The Blood Bond

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The Blood Bond
The Blood Bond.jpg
Directed by Michael Biehn (principal)
Bey Logan (post-production)
Produced by Bey Logan
Eli Scher
Seth Scher
Screenplay by Michael Biehn
Dan Bush
Conal Byrne
Brian Ransom
Story by Bey Logan
Starring Michael Biehn
Simon Yam
Phoenix Chou
Emma Pei
Jennifer Blanc
Xiao Keng Ye
Thomas Ho
Kenny Lo
Ridwan Amir
Cinematography Ross W. Clarkson
Distributed by The Weinstein Company
Fundamental Films
Birch Tree Entertainment
Release dates
  • June 17, 2010 (2010-06-17) (Malaysia)
  • January 27, 2011 (2011-01-27) (Hong Kong)
Country United States
China
Language English

Shadowguard: The Blood Bond Saga (formerly known as The Blood Bond) is a 2010 action film directed by Michael Biehn and Bey Logan. Written by Bey Logan. Starring Michael Biehn.[1] The Blood Bond premiered at 2010 Cannes Film Market.

Plot[edit]

The story follows a quest to save an Asian spiritual leader whose rare blood type only has one donor left alive in the fictional war-torn nation of Bandanesia.

Cast[edit]

Marketing[edit]

The teaser trailer was released on March 15, 2010.[2] After the original film received a very mixed reaction at Cannes, additional footage was added to the film from a promo trailer originally announced as part of a planned sequel, these bookend scenes feature Phoenix Chou's character demonstrating her fighting skills.

Controversy[edit]

Shortly after principal photography was completed by Michael Biehn, Bey Logan took over post-production of the movie. Several elements of the movie in post-production, including additional scenes and the re-dubbing of Michael Biehn's voice by another actor, were added or altered from the original direction of the film. The original version of the movie debuted to very poor response at the 2010 Cannes Film Market, and further changes were made to the movie including further changes in story structure and the addition of scenes originally announced as part of a proposed sequel directed by Antony Szeto, shoe-horned into the movie to try to make the film appear more marketable.

As a result of this altered direction in post-production, Michael Biehn has since distanced himself from the movie and no longer considers this movie as his first directorial debut.[3]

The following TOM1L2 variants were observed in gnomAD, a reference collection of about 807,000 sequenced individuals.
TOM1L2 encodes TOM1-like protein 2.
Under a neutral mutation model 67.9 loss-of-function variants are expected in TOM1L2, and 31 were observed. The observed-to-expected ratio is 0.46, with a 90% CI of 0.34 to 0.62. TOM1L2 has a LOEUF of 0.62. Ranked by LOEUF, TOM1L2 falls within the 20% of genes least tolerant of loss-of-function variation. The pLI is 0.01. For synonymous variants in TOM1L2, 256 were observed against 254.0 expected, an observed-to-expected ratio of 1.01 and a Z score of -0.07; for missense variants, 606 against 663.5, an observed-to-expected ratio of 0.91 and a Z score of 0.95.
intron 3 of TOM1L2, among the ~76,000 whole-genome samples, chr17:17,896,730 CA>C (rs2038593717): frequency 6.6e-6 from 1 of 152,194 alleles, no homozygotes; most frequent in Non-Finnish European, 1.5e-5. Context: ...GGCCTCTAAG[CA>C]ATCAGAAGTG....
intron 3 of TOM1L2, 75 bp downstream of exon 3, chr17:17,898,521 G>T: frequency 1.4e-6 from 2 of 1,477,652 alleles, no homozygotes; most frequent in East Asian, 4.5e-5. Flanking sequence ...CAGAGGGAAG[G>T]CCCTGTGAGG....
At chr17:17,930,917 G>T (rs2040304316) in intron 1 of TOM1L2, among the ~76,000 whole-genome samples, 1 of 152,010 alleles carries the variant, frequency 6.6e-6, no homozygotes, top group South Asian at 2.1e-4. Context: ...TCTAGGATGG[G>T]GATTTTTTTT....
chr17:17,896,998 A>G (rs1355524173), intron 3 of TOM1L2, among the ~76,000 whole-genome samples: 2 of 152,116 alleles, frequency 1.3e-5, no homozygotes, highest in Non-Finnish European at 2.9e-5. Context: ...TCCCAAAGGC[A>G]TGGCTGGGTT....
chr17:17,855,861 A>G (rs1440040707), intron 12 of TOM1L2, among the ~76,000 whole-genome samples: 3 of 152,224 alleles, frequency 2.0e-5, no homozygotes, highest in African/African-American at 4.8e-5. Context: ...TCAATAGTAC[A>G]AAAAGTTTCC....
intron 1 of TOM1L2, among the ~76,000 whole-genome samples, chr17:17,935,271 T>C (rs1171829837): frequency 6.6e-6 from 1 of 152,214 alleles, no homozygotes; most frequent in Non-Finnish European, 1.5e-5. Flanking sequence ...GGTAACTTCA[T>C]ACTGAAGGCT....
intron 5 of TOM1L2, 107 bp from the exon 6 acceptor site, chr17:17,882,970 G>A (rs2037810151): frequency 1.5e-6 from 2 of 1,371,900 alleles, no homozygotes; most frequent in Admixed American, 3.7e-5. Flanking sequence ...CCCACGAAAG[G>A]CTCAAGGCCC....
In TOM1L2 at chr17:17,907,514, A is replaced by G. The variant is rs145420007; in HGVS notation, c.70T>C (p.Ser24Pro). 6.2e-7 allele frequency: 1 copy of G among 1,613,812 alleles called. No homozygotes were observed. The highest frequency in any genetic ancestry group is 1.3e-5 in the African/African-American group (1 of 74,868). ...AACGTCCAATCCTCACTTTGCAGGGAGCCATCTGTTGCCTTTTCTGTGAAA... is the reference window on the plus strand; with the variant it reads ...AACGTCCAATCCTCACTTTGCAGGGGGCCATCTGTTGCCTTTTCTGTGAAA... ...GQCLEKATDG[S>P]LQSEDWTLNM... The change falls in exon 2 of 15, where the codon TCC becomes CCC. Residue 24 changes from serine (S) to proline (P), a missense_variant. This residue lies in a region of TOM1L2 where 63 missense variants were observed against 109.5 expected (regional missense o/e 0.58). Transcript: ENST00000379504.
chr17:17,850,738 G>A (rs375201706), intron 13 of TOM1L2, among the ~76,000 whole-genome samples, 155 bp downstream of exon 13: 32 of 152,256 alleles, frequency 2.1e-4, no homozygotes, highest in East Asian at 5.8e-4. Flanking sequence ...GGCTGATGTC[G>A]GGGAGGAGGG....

To call the movie referenced above my directorial debut is a farce. The role of Director includes several aspects of movie making which I had no part in. I was not involved in the casting, (nor did I write the script), I was not involved with editing, sound mixing, colorization, music, ADR, or any other aspect of post production. Also, all of my dialogue in the movie was voice over from another person. The crew was the least experienced and the most unorganized that I've experienced in my 35 years of being involved with movies and I had very little say in both day to day production or the final product. In fact, I had so little to do with the movie that I haven't even seen it, to this day.

Basically, I went over to China to direct and write a movie. Well, I wrote it along with some other people. So, we made the movie over there, but we weren't shooting in Shanghai, we were shooting at a little studio and the crew there was not very experienced at all. They didn't have any experience and I wasn't ready for that. As a result, I had to take on multiple roles and it was very, very hard shooting it.

The actors didn't speak English. They were having to work phonetically at times. They didn't seem to have any money for cast, so we were pulling people off of the crew for roles and stuff like that. So, it was a very, very difficult shoot, but I thought I'd put something in the can that was decent and something I could be proud of.

What happened was... when I left China, the producer (Bey Logan) decided that he was going to cut the movie and he was going to do all of the Post Production and never give me a chance to cut my own movie. I was so busy when I was working on the movie putting in like twelve and fifteen hour days and doing everybody's job for them. I had a couple of people who knew what they were doing, but not very many. So, he took over the movie and he cut it and put the music on and went and did all of the sound... and that's that, really.

He sent me his rough cut which I thought left a lot to be desired. I thought there was a lot better film there than what he cut and what he made, so... I sort of washed my hands of it at that point and said, "Whatever..." He paid me, so I just kind of walked away from it. It was a tough experience because I'd put so much energy, so much time, and so much effort into getting it into Post and... After doing THE VICTIM, I realized that the Post is so important: the cutting and the music and the sound, just the whole deal. That's really where the music is made, really. That's where the movie comes together.

It's like being a quarterback on a football team and playing the first half of the game and you play another good team and you're really struggling, but you have it tied at half-time. Then, you get pulled and some other quarterback comes in and you end up getting beat by forty points. That's kind of how I felt in this situation.

- Michael Biehn

The film eventually received a limited theatrical release in Hong Kong at "The Blood Bond: Shadowguard', receiving one of the lowest box office returns for any theatrical release.

References[edit]

http://twitchfilm.com/news/2011/05/-beach-spike-trailer-chrissie-chau.php#comment-69137

External links[edit]